By Danusha Laméris

Featured Art by Clara Peeters

He’d wanted the persimmons
and asked her for them, but when
she gave him the brown paper bag,
brimming over, he was taken
aback. Did he really need that many?
Still, he brought them home
to his wife, and soon
there were persimmons ripening
on the kitchen counters, lining
the windowsills. Each day,
growing more and more succulent
until the air was thick
and sweet with their scent.

At breakfast, he’d break one open
with his spoon—the skin supple
and ready to give—stir it into
his hot cereal. Indescribable,
the taste. And a texture he might
have described as sea creature
meets manna from heaven. When
he ate one, he thought of her.
And when he saw her, he thought
of the persimmons. When her arm
brushed, just barely, against his,
did he imagine they both felt
the same quickening? In myth,
fruit is usually the beginning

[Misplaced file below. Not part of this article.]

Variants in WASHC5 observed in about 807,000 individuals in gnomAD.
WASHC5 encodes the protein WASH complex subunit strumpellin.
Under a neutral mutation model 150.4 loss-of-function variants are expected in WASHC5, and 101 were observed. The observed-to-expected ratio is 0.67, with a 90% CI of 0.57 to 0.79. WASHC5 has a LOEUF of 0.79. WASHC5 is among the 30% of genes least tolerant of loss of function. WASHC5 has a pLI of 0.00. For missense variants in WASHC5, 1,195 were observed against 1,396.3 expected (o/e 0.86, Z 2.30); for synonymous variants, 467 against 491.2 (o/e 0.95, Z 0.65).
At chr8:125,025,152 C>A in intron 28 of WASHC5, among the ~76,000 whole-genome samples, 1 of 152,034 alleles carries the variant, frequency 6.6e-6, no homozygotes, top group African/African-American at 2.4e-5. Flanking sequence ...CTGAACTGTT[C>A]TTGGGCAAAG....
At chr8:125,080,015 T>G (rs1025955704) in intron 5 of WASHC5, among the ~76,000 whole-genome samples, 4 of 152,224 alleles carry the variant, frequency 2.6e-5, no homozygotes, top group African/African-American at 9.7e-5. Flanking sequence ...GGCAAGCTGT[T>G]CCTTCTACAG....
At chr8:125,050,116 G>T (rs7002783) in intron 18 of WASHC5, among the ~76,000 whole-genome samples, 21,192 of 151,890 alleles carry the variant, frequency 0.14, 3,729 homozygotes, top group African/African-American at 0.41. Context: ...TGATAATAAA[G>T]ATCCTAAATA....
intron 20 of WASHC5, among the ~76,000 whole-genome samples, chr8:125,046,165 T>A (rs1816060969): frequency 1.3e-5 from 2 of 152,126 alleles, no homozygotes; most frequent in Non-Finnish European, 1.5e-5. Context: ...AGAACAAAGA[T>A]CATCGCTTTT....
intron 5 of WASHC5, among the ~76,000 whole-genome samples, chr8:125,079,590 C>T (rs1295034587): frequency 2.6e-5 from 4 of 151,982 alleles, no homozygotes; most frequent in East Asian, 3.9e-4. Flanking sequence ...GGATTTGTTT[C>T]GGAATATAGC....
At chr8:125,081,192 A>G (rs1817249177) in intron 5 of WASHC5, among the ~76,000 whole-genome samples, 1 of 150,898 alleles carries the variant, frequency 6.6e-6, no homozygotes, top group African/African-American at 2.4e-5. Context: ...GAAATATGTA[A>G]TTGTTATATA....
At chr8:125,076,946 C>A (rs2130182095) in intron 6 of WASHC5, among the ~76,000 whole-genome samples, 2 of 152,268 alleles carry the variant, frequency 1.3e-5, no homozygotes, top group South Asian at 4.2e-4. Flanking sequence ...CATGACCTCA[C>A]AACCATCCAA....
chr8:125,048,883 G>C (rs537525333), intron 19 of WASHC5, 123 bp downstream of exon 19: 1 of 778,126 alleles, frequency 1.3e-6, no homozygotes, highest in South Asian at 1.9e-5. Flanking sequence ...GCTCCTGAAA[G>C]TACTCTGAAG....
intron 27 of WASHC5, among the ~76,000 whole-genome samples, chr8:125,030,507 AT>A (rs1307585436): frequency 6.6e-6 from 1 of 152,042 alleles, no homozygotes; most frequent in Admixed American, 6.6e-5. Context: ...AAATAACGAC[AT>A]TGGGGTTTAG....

of disaster. And the way
they made themselves so obvious—
an almost audible orange
against the white walls—
made him wish he’d never asked
her for them, didn’t have to
smell them sugaring the air
with ruin, as he sat there,
face lowered to the bowl, spooning
the soft pulp into his mouth.

Danusha Laméris is the author of The Moons of August (Autumn House, 2014), and Bonfire Opera, (University of Pittsburgh Press, Pitt Poetry Series, 2020). Some of her poems have been published in The Best American Poetry, The New York Times, The American Poetry Review, Ploughshares, and Prairie Schooner. The recipient of the 2020 Lucille Clifton Legacy Award, she teaches poetry independently, and was the 2018-2020 Poet Laureate of Santa Cruz County, California.

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